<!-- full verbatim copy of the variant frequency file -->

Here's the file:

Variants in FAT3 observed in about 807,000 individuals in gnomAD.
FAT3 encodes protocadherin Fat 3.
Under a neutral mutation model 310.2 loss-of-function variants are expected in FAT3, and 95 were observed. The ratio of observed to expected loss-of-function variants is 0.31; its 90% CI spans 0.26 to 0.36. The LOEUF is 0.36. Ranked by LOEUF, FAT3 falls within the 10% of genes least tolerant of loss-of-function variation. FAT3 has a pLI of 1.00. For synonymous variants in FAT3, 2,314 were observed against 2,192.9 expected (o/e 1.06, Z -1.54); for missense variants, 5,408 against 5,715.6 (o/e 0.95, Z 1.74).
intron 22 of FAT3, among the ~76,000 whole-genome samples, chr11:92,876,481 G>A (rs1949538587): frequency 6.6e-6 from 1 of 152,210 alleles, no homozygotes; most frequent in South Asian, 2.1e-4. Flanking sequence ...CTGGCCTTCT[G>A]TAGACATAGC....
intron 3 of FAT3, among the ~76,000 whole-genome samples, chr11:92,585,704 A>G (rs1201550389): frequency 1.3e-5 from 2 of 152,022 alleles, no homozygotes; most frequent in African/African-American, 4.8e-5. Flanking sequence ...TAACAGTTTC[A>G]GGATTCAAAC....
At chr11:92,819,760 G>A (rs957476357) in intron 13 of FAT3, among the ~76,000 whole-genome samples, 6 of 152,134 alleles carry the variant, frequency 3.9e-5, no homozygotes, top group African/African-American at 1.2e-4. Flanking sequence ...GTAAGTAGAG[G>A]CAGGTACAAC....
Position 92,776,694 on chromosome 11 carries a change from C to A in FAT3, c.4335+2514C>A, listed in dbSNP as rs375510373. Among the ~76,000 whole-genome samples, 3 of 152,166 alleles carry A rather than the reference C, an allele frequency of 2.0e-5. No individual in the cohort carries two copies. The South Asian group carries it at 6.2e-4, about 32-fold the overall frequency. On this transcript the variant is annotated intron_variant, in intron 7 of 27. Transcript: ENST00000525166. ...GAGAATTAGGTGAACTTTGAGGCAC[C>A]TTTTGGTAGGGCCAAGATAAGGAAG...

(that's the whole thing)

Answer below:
Variants in FAT3 observed in about 807,000 individuals in gnomAD.
FAT3 encodes protocadherin Fat 3.
Under a neutral mutation model 310.2 loss-of-function variants are expected in FAT3, and 95 were observed. The ratio of observed to expected loss-of-function variants is 0.31; its 90% CI spans 0.26 to 0.36. The LOEUF is 0.36. Ranked by LOEUF, FAT3 falls within the 10% of genes least tolerant of loss-of-function variation. FAT3 has a pLI of 1.00. For synonymous variants in FAT3, 2,314 were observed against 2,192.9 expected (o/e 1.06, Z -1.54); for missense variants, 5,408 against 5,715.6 (o/e 0.95, Z 1.74).
intron 22 of FAT3, among the ~76,000 whole-genome samples, chr11:92,876,481 G>A (rs1949538587): frequency 6.6e-6 from 1 of 152,210 alleles, no homozygotes; most frequent in South Asian, 2.1e-4. Flanking sequence ...CTGGCCTTCT[G>A]TAGACATAGC....
intron 3 of FAT3, among the ~76,000 whole-genome samples, chr11:92,585,704 A>G (rs1201550389): frequency 1.3e-5 from 2 of 152,022 alleles, no homozygotes; most frequent in African/African-American, 4.8e-5. Flanking sequence ...TAACAGTTTC[A>G]GGATTCAAAC....
At chr11:92,819,760 G>A (rs957476357) in intron 13 of FAT3, among the ~76,000 whole-genome samples, 6 of 152,134 alleles carry the variant, frequency 3.9e-5, no homozygotes, top group African/African-American at 1.2e-4. Flanking sequence ...GTAAGTAGAG[G>A]CAGGTACAAC....
Position 92,776,694 on chromosome 11 carries a change from C to A in FAT3, c.4335+2514C>A, listed in dbSNP as rs375510373. Among the ~76,000 whole-genome samples, 3 of 152,166 alleles carry A rather than the reference C, an allele frequency of 2.0e-5. No individual in the cohort carries two copies. The South Asian group carries it at 6.2e-4, about 32-fold the overall frequency. On this transcript the variant is annotated intron_variant, in intron 7 of 27. Transcript: ENST00000525166. ...GAGAATTAGGTGAACTTTGAGGCAC[C>A]TTTTGGTAGGGCCAAGATAAGGAAG...